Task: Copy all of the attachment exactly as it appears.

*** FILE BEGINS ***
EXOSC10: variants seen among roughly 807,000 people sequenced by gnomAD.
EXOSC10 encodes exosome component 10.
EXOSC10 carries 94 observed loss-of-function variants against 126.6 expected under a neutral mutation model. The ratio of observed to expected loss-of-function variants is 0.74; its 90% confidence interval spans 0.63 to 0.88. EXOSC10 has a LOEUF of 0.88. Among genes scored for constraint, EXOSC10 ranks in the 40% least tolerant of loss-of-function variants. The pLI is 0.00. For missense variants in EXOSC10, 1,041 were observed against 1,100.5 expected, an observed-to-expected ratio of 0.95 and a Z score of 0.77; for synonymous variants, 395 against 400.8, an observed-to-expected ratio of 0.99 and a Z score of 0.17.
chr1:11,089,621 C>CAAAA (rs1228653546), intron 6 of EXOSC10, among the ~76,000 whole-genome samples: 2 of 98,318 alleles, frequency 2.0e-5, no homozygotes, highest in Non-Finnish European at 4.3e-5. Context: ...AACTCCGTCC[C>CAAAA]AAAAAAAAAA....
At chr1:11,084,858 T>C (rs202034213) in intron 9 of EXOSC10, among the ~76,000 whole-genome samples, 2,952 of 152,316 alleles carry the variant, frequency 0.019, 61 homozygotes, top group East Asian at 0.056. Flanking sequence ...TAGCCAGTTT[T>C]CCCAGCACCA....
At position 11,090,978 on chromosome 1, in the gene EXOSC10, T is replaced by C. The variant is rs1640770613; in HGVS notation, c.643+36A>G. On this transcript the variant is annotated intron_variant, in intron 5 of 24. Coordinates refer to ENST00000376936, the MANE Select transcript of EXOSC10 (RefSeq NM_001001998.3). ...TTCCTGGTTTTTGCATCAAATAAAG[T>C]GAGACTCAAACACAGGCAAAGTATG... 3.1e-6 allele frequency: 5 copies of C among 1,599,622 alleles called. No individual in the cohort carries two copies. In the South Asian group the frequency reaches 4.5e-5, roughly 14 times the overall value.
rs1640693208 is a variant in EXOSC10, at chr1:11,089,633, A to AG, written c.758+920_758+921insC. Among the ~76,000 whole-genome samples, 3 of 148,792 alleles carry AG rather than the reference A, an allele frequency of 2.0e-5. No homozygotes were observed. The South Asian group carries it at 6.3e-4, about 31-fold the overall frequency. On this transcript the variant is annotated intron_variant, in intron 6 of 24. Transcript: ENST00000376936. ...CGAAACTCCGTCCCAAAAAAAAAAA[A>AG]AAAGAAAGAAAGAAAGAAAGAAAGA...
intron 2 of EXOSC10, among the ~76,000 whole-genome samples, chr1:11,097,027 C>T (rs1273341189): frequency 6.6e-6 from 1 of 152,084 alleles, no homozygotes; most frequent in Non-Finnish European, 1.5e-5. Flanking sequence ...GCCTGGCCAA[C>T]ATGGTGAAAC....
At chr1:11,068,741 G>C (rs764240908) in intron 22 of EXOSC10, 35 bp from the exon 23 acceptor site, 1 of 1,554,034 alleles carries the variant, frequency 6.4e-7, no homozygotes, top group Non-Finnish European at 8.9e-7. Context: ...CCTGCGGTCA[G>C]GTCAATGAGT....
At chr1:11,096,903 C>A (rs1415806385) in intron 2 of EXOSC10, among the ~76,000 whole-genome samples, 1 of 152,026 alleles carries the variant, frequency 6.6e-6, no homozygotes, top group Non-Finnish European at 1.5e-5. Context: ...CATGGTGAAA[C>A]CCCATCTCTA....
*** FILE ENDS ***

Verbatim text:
EXOSC10: variants seen among roughly 807,000 people sequenced by gnomAD.
EXOSC10 encodes exosome component 10.
EXOSC10 carries 94 observed loss-of-function variants against 126.6 expected under a neutral mutation model. The ratio of observed to expected loss-of-function variants is 0.74; its 90% confidence interval spans 0.63 to 0.88. EXOSC10 has a LOEUF of 0.88. Among genes scored for constraint, EXOSC10 ranks in the 40% least tolerant of loss-of-function variants. The pLI is 0.00. For missense variants in EXOSC10, 1,041 were observed against 1,100.5 expected, an observed-to-expected ratio of 0.95 and a Z score of 0.77; for synonymous variants, 395 against 400.8, an observed-to-expected ratio of 0.99 and a Z score of 0.17.
chr1:11,089,621 C>CAAAA (rs1228653546), intron 6 of EXOSC10, among the ~76,000 whole-genome samples: 2 of 98,318 alleles, frequency 2.0e-5, no homozygotes, highest in Non-Finnish European at 4.3e-5. Context: ...AACTCCGTCC[C>CAAAA]AAAAAAAAAA....
At chr1:11,084,858 T>C (rs202034213) in intron 9 of EXOSC10, among the ~76,000 whole-genome samples, 2,952 of 152,316 alleles carry the variant, frequency 0.019, 61 homozygotes, top group East Asian at 0.056. Flanking sequence ...TAGCCAGTTT[T>C]CCCAGCACCA....
At position 11,090,978 on chromosome 1, in the gene EXOSC10, T is replaced by C. The variant is rs1640770613; in HGVS notation, c.643+36A>G. On this transcript the variant is annotated intron_variant, in intron 5 of 24. Coordinates refer to ENST00000376936, the MANE Select transcript of EXOSC10 (RefSeq NM_001001998.3). ...TTCCTGGTTTTTGCATCAAATAAAG[T>C]GAGACTCAAACACAGGCAAAGTATG... 3.1e-6 allele frequency: 5 copies of C among 1,599,622 alleles called. No individual in the cohort carries two copies. In the South Asian group the frequency reaches 4.5e-5, roughly 14 times the overall value.
rs1640693208 is a variant in EXOSC10, at chr1:11,089,633, A to AG, written c.758+920_758+921insC. Among the ~76,000 whole-genome samples, 3 of 148,792 alleles carry AG rather than the reference A, an allele frequency of 2.0e-5. No homozygotes were observed. The South Asian group carries it at 6.3e-4, about 31-fold the overall frequency. On this transcript the variant is annotated intron_variant, in intron 6 of 24. Transcript: ENST00000376936. ...CGAAACTCCGTCCCAAAAAAAAAAA[A>AG]AAAGAAAGAAAGAAAGAAAGAAAGA...
intron 2 of EXOSC10, among the ~76,000 whole-genome samples, chr1:11,097,027 C>T (rs1273341189): frequency 6.6e-6 from 1 of 152,084 alleles, no homozygotes; most frequent in Non-Finnish European, 1.5e-5. Flanking sequence ...GCCTGGCCAA[C>T]ATGGTGAAAC....
At chr1:11,068,741 G>C (rs764240908) in intron 22 of EXOSC10, 35 bp from the exon 23 acceptor site, 1 of 1,554,034 alleles carries the variant, frequency 6.4e-7, no homozygotes, top group Non-Finnish European at 8.9e-7. Context: ...CCTGCGGTCA[G>C]GTCAATGAGT....
At chr1:11,096,903 C>A (rs1415806385) in intron 2 of EXOSC10, among the ~76,000 whole-genome samples, 1 of 152,026 alleles carries the variant, frequency 6.6e-6, no homozygotes, top group Non-Finnish European at 1.5e-5. Context: ...CATGGTGAAA[C>A]CCCATCTCTA....